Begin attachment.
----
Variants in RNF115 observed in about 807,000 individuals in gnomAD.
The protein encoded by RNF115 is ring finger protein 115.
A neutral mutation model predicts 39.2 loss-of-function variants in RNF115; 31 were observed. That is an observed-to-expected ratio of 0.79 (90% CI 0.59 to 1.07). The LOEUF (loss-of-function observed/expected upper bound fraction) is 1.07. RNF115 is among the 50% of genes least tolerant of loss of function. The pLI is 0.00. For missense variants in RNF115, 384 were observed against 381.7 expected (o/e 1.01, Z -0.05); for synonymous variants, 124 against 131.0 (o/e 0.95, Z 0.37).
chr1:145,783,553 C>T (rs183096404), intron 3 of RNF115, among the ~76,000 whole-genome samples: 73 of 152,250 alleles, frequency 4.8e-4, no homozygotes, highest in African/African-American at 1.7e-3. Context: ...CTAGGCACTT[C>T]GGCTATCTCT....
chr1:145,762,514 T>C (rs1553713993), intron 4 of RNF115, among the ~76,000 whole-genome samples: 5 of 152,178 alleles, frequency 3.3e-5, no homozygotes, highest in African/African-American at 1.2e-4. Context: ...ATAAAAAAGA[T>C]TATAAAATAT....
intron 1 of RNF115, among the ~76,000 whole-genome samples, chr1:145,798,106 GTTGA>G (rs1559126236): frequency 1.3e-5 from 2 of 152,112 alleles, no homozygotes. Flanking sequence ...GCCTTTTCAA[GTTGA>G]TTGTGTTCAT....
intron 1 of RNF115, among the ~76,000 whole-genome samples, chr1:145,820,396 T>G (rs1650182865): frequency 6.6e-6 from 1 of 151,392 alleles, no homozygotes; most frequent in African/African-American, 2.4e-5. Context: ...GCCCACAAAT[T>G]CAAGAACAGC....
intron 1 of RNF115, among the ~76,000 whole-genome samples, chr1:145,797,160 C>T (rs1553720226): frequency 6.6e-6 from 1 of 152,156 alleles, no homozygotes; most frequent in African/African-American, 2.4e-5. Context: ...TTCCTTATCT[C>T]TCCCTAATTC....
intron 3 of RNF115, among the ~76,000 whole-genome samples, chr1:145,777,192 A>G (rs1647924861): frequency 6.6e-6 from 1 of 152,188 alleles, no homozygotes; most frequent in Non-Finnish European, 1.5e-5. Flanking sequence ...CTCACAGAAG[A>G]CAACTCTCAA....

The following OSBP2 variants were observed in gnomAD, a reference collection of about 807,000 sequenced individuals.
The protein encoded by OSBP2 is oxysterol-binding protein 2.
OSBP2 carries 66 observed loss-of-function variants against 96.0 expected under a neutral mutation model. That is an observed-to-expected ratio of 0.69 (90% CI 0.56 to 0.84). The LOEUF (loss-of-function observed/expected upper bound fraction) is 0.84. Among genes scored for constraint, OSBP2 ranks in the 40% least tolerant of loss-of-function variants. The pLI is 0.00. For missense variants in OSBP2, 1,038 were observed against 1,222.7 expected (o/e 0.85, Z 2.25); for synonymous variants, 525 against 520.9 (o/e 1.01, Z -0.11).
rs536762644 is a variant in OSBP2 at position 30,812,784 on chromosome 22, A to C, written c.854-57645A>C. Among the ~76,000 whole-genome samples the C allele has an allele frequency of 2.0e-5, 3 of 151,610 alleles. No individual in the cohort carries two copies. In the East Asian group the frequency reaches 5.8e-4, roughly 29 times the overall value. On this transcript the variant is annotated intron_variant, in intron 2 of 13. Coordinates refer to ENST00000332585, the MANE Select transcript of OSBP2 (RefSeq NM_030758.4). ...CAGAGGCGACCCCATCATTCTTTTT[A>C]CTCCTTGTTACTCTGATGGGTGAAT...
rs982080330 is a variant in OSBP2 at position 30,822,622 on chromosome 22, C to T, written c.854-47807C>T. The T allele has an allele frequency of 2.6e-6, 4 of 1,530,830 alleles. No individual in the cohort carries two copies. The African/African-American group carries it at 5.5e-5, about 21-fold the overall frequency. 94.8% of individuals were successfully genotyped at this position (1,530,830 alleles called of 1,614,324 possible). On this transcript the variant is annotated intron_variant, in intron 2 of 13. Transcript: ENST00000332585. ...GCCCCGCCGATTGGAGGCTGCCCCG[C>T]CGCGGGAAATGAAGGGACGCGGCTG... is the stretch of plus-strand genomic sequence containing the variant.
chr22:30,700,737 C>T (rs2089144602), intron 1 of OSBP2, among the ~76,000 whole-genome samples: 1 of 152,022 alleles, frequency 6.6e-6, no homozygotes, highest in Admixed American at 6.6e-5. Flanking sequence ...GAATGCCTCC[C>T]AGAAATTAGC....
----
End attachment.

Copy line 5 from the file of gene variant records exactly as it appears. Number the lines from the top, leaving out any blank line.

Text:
chr1:145,762,514 T>C (rs1553713993), intron 4 of RNF115, among the ~76,000 whole-genome samples: 5 of 152,178 alleles, frequency 3.3e-5, no homozygotes, highest in African/African-American at 1.2e-4. Context: ...ATAAAAAAGA[T>C]TATAAAATAT....